The Australian Government is looking to streamline regulation in the resources sector through a 12-month review conducted by the Productivity Commission.
The review will look at best-practise examples of regulation that removes unnecessary costs for business while maintaining “sound oversight.”
This will include improving the efficiency of environmental approval to reduce regulatory burden on business, with the aim of ensuring resources projects are assessed “transparently and efficiently… while upholding robust environmental standards.”
The announcement follows increased backlash surrounding the difficulty of getting resource projects off the ground, most notably the extended time taken for the approval of Adani’s Carmichael mine in the Bowen Basin.
Industry bodies within the resources sector have welcomed the review, with the Australian Resources and Energy Group (AMMA) saying it is a significant step to enhancing the industry’s economic, employment and regional contributions.
“It is appropriate that identifying and cutting unnecessary red-tape in major project approval processes is first cab off the rank,” AMMA chief executive Steve Knott said.
“A more streamlined and clear approach for balancing environmental protection with industry growth will help secure investment in new projects that drive Australian jobs and underpin our economy.”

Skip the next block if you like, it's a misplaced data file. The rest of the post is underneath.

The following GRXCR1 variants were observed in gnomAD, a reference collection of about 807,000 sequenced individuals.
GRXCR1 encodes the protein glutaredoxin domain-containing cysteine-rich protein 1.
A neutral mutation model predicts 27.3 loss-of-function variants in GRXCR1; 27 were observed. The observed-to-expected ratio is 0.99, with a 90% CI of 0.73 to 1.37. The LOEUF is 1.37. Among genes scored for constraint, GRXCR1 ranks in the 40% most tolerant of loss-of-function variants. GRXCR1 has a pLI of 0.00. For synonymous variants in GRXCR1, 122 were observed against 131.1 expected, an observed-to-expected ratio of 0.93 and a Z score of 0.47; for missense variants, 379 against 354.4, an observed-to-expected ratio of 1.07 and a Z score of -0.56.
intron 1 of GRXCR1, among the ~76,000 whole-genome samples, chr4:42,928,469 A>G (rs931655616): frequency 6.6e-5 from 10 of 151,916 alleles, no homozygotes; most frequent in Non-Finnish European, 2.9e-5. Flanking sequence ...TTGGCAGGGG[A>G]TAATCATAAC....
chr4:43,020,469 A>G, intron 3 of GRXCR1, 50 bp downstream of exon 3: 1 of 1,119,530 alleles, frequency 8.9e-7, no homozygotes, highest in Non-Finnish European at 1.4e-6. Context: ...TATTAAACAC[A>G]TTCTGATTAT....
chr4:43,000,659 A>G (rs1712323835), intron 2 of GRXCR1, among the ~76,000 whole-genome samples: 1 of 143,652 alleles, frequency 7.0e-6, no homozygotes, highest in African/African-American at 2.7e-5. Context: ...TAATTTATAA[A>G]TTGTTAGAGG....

While admitting the review was a step in the right direction, Knott said that changes must be made following its completion.
“A number of minor changes to the processes for making agreements and having them approved in the Fair Work Commission would significantly improve the system for both employers and employees,” he said.
“Further, allowing enterprise agreements to run the length of major project construction would have a huge positive impact on investor certainty and industrial stability in our country.”
The review was also welcomed by the Minerals Council of Australia, with its chief executive officer Tania Constable saying it shows the Federal Government is listening to regional communities.
“Faster approvals for mining projects and greater certainty of process will support more highly paid, highly skilled jobs across Australia,” she said.
“All governments should work together to end the duplication and overlap between environmental regulations and introduce risk-based approaches for assessments and approvals.”
Constable pointed to recent projects which have taken long periods of time to gain an approval, such as the Adani’s Carmichael coal mine (Queensland, eight years), Wallarah 2 coal project (New South Wales, 16 years) and Cameco’s Yeelirrie uranium development (Western Australia, five years).
“These reforms have the potential to unlock up to $170 billion of resources investment in Australia, enabling the minerals industry to play an even bigger role in supporting and strengthening regional communities,” Constable concluded.